• When New England has the ball: Patriots interior offensive linemen vs. DeForest Buckner

    INDIANAPOLIS, INDIANA – OCTOBER 31: DeForest Buckner #99 of the Indianapolis Colts celebrates after a sack against the Tennessee Titans at Lucas Oil Stadium on October 31, 2021 in Indianapolis, Indiana. (Photo by Andy Lyons/Getty Images)

    Nobody can give this Patriots offense fits quite like an elite defensive tackle. That was made clear during the Titans game, when Jeffery Simmons anchored a Tennessee defense that held New England to one of its worst rushing performances of the season.

    At the center of the Colts defense is six-year NFL veteran and two-time All-Pro DeForest Buckner. “Certainly, we won’t play a defensive lineman that is more disruptive than Buckner,” Josh McDaniels said earlier this week. “This guy is whatever superlative you want to use, you can use it. He’s big. He plays with a great motor. He’s long. It’s hard to keep him blocked even when you do block him. He’s got great quickness. He can win inside or outside. They will line him up and move him in different spots on third down. This guy is an extremely disruptive player up front.”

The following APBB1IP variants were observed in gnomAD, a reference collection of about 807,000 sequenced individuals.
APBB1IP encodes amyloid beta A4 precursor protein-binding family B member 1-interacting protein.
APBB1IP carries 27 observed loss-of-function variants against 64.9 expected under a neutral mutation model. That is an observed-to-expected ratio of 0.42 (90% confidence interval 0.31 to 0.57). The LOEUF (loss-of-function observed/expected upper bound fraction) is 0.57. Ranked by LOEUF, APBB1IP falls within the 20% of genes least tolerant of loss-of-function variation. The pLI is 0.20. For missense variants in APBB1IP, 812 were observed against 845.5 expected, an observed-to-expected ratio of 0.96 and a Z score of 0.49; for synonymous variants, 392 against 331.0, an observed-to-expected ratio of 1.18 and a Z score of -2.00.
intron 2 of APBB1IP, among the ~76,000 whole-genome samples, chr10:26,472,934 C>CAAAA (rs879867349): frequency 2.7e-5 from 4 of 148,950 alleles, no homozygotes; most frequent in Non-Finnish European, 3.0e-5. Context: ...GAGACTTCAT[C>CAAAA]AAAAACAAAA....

The Colts haven’t exactly been secretive about their plan to take away the Patriots running game and force the offense to be ‘one-dimensional.’ And while the Patriots are probably more comfortable than most realize putting the ball in the air, it’s never advantageous to be limited to half the offensive playbook. If the Patriots want to run the ball, Shaq Mason, David Andrews, and Ted Karras will need to be able to get Buckner out of the way.